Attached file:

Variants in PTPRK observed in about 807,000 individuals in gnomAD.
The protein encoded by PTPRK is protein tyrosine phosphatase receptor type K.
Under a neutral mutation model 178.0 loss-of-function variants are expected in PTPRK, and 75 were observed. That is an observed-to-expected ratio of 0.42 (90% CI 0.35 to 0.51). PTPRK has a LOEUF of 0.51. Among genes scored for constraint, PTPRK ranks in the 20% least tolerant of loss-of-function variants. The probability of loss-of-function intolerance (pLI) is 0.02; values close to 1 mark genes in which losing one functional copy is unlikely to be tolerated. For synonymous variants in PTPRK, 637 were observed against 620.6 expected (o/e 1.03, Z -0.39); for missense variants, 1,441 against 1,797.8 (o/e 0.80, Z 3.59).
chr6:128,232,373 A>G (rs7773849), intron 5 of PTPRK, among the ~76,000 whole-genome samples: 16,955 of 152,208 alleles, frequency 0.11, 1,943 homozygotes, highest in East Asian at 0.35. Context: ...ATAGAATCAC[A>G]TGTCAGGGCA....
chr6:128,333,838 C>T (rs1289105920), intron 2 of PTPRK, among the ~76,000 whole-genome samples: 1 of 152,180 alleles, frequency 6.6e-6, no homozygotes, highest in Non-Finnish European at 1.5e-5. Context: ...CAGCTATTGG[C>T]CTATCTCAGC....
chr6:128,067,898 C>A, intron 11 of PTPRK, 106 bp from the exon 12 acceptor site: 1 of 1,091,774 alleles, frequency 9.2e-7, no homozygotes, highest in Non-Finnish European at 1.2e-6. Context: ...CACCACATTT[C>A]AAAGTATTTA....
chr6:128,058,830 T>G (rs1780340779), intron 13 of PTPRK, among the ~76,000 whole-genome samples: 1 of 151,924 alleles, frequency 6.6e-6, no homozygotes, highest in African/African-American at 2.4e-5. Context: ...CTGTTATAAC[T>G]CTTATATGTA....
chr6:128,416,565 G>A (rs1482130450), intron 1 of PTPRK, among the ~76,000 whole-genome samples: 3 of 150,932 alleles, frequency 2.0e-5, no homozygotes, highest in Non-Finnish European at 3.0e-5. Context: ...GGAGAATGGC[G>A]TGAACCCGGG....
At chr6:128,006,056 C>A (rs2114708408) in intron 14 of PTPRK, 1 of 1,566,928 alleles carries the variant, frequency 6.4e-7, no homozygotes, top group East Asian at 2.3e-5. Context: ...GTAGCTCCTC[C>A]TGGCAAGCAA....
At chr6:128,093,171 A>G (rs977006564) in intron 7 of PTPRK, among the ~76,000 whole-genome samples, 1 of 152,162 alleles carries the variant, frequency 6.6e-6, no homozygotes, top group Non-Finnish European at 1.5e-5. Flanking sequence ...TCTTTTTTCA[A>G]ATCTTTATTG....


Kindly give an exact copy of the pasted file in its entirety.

Variants in PTPRK observed in about 807,000 individuals in gnomAD.
The protein encoded by PTPRK is protein tyrosine phosphatase receptor type K.
Under a neutral mutation model 178.0 loss-of-function variants are expected in PTPRK, and 75 were observed. That is an observed-to-expected ratio of 0.42 (90% CI 0.35 to 0.51). PTPRK has a LOEUF of 0.51. Among genes scored for constraint, PTPRK ranks in the 20% least tolerant of loss-of-function variants. The probability of loss-of-function intolerance (pLI) is 0.02; values close to 1 mark genes in which losing one functional copy is unlikely to be tolerated. For synonymous variants in PTPRK, 637 were observed against 620.6 expected (o/e 1.03, Z -0.39); for missense variants, 1,441 against 1,797.8 (o/e 0.80, Z 3.59).
chr6:128,232,373 A>G (rs7773849), intron 5 of PTPRK, among the ~76,000 whole-genome samples: 16,955 of 152,208 alleles, frequency 0.11, 1,943 homozygotes, highest in East Asian at 0.35. Context: ...ATAGAATCAC[A>G]TGTCAGGGCA....
chr6:128,333,838 C>T (rs1289105920), intron 2 of PTPRK, among the ~76,000 whole-genome samples: 1 of 152,180 alleles, frequency 6.6e-6, no homozygotes, highest in Non-Finnish European at 1.5e-5. Context: ...CAGCTATTGG[C>T]CTATCTCAGC....
chr6:128,067,898 C>A, intron 11 of PTPRK, 106 bp from the exon 12 acceptor site: 1 of 1,091,774 alleles, frequency 9.2e-7, no homozygotes, highest in Non-Finnish European at 1.2e-6. Context: ...CACCACATTT[C>A]AAAGTATTTA....
chr6:128,058,830 T>G (rs1780340779), intron 13 of PTPRK, among the ~76,000 whole-genome samples: 1 of 151,924 alleles, frequency 6.6e-6, no homozygotes, highest in African/African-American at 2.4e-5. Context: ...CTGTTATAAC[T>G]CTTATATGTA....
chr6:128,416,565 G>A (rs1482130450), intron 1 of PTPRK, among the ~76,000 whole-genome samples: 3 of 150,932 alleles, frequency 2.0e-5, no homozygotes, highest in Non-Finnish European at 3.0e-5. Context: ...GGAGAATGGC[G>A]TGAACCCGGG....
At chr6:128,006,056 C>A (rs2114708408) in intron 14 of PTPRK, 1 of 1,566,928 alleles carries the variant, frequency 6.4e-7, no homozygotes, top group East Asian at 2.3e-5. Context: ...GTAGCTCCTC[C>A]TGGCAAGCAA....
At chr6:128,093,171 A>G (rs977006564) in intron 7 of PTPRK, among the ~76,000 whole-genome samples, 1 of 152,162 alleles carries the variant, frequency 6.6e-6, no homozygotes, top group Non-Finnish European at 1.5e-5. Flanking sequence ...TCTTTTTTCA[A>G]ATCTTTATTG....